Music Reviews

posted: May 30, 2009

Elvis Costello’s Bluegrass Album, Sort of… Secret, Profane & Sugarcane

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Elvis Costello’s Bluegrass Album, Sort of…

Elvis Costello is The Highlander of the New Wave era; he’s the last one standing.  While a few remaining new-wavers are touring sporadically, performing the songs that made them famous, most have broken up and fallen into oblivion while Costello continues to create new work.  Some has been brilliant, some  confusing and some of it downright quirky, yet Costello keeps moving in different directions.

The current record, Secret, Profane & Sugarcane finds Costello back on a roadtrip, far away from his Attractions/Imposters roots.  Those referring to this disc as “the bluegrass album”, are selling Costello short.  Who would have thought that the guy that gave us “Accidents Will Happen” would be writing songs with Loretta Lynn one day?  That’s the mark of true musical genius; Costello captures the essence of the singer/songwriter/Americana thing better than anything that comes to mind recently. Long-time fans will notice that “Complicated Shadows” returns from All This Useless Beauty for a country remake.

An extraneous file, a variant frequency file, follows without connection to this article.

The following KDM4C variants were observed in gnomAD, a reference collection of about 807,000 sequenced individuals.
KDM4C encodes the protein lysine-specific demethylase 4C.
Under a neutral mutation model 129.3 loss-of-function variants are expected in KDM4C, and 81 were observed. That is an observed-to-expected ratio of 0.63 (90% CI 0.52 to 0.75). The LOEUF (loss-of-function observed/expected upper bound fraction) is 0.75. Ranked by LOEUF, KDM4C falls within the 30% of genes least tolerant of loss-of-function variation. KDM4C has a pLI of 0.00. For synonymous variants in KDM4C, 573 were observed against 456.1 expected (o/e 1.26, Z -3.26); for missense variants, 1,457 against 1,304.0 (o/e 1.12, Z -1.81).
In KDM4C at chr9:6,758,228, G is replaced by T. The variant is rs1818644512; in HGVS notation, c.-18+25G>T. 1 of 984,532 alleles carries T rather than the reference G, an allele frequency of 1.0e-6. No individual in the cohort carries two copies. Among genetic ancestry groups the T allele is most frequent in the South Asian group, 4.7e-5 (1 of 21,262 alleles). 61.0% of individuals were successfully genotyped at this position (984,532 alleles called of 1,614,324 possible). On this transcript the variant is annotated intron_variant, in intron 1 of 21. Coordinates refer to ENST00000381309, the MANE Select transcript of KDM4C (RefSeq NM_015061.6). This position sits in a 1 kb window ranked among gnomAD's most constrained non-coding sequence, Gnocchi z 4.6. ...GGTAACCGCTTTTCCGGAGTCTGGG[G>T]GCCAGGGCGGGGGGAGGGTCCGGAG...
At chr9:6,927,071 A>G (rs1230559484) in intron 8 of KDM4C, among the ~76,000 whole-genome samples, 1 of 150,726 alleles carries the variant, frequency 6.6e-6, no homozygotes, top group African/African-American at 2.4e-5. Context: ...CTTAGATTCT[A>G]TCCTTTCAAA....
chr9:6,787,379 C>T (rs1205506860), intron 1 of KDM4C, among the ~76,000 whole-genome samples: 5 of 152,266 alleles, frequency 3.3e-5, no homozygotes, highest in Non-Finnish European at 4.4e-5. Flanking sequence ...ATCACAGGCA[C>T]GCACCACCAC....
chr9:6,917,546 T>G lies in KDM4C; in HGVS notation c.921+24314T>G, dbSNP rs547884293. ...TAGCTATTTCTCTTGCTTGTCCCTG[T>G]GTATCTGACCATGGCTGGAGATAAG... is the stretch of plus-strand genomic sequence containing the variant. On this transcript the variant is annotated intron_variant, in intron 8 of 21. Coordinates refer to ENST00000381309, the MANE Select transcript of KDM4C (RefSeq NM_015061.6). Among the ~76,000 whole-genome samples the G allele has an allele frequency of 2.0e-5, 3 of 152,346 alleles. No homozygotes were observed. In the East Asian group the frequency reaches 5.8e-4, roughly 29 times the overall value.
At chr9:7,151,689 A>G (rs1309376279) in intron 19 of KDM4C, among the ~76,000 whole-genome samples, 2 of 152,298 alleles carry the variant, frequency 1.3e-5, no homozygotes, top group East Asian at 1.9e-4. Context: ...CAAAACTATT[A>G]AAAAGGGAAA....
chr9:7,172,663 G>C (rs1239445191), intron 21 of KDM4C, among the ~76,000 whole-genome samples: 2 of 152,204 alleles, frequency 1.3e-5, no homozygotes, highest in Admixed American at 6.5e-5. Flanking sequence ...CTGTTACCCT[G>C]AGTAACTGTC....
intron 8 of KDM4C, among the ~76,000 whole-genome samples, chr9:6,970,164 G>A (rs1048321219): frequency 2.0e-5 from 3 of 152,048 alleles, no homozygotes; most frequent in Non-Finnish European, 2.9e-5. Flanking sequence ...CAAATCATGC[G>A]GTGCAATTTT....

Produced by T-Bone Burnett, who also plays on most tracks, Costello presents this music in a way that benefits from his diverse musical experience.  And if you think that married life has taken away his edge, a closer listen to “I Felt the Chill Before the Winter Came” and “I Dreamed of My Old Lover”  hints that he’s still got that other girl in his head.

There’s conflicting information on the vinyl release, but I’m hoping Costello will follow up with an LP version, as he did with his last few discs, because Secret, Profane & Sugarcane sounds great.  This is a record that the audio fussies will enjoy even in CD form, with a big, round, warm sound overall.  Barely a year since his last release, Momofuku, which was a more “traditional” album, Costello is chasing down another path. No, this isn’t This Year’s Model, but it’s way more interesting than Robert Plant’s Raising Sand.  Get on the bus.

–Jeff Dorgay